EAGAN, Minn. — Jordan Hicks has been just about everywhere, so it's only right that he seems to be involved in almost everything as a Vikings inside linebacker.
Born in Colorado, he's also lived in Indiana, South Carolina, Texas, Pennsylvania, Arizona and now, Minnesota.
Growing up in a single-parent home, the family relocated as Hicks' mom climbed the corporate ladder.
In Indiana and South Carolina, Hicks found a home within the lines of a basketball court, which remained constant despite so many changes for a young person to navigate.
"I think I was lucky to have really good people around me, family support; but for me, it was primarily coaches," Hicks said. "I dove into sports headfirst, so no matter where I was, I was playing. My first love was basketball, so I played basketball everywhere and kind of fell into football when I got to Ohio.
"Once I got to Ohio, we were able to have a little consistency and ended up finishing my high school career there," he added. "It hasn't always been easy. Some of the transitions, like to Austin in my first couple of years [at the University of Texas] was hard."
View photos of Vikings LB Jordan Hicks touring TCO Performance Center and getting introduced to the team for the first time.
Just 17 when he first arrived on campus, Hicks appeared in all 12 games, contributing on special teams and at linebacker, as a true freshman for the Longhorns in 2010.
Hicks graduated with a bachelor's degree in sport management in three-and-a-half years. He bounced back from injuries in 2012 (hip) and 2013 (Achilles) to start all 13 games as a fifth-year senior.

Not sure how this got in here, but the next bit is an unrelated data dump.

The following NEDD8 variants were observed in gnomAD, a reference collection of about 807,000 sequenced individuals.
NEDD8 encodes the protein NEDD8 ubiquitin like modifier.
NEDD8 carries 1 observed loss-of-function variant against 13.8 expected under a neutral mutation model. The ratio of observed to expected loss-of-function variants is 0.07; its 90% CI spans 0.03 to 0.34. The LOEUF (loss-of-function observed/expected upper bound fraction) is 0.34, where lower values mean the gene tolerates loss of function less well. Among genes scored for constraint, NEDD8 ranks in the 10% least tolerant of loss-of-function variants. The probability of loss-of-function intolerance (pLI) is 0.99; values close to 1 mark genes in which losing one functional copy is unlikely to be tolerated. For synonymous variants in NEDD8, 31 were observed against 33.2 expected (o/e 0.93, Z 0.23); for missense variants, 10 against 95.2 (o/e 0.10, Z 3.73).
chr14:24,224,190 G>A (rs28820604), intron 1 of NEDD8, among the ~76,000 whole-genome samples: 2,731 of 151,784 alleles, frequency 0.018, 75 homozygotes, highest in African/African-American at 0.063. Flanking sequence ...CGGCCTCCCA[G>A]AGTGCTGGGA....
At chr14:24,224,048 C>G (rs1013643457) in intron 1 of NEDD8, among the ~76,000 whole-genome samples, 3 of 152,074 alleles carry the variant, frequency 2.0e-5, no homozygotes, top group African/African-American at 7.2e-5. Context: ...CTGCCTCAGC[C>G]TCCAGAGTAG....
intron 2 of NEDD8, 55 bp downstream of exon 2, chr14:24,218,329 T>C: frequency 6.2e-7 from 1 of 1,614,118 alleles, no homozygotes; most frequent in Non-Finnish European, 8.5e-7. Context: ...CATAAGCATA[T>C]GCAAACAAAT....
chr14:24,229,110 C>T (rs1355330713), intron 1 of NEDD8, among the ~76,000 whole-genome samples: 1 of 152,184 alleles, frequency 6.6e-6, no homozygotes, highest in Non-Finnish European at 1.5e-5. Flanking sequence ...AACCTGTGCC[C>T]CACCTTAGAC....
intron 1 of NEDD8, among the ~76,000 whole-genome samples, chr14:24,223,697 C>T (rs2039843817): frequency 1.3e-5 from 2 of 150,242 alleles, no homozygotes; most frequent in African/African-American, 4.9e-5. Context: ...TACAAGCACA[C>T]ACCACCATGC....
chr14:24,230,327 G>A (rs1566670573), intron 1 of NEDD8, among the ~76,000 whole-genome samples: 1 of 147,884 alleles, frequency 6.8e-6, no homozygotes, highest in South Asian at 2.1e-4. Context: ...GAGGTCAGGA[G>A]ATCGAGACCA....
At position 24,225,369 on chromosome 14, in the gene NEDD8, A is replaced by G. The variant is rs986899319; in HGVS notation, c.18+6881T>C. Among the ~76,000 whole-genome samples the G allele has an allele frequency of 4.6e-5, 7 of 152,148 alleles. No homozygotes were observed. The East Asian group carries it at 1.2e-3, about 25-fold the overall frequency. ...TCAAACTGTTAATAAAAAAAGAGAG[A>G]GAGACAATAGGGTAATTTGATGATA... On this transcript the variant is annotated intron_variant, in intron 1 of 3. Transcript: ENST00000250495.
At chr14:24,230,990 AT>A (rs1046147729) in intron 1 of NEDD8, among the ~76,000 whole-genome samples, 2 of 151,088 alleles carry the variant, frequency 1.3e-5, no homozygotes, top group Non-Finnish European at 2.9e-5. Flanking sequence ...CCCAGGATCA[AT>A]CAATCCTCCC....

The moves have continued in the NFL, from Philadelphia to Arizona and Minnesota, but Hicks has made quick impacts at every turn.
In his first six games with Minnesota, he's recorded a team-high 56 tackles, along with 2.0 sacks, three quarterback hits, an interception, four passes defensed and a forced fumble.
"I've always been somebody that takes pride in adapting. When I'm the underdog and people don't believe in me and what I can do, I put my head down, go to work and prove them wrong," Hicks said. "I remember in high school it was the same way. I started on the basketball team as a freshman when nobody told me I could. They all thought I should stay on the JV team. I got to Texas and the same. Didn't redshirt. Came to the league and did the same.
"I think a lot of it is a mental state, trying to prove people wrong," Hicks said. "Absolutely, I think moving around has allowed me to adapt to situations and get a feel, try and see the bigger picture, rather than just narrow-minded."
Hicks grew to love the linebacker position in high school and continues to because "you get in the mix of everything."
"You obviously have to be the quarterback of the defense and understand what's going on, but at the same time, you're in the runs and getting physical, constantly banging," he said, "but then you also have the ability to make plays on the back end and be in the middle of it all."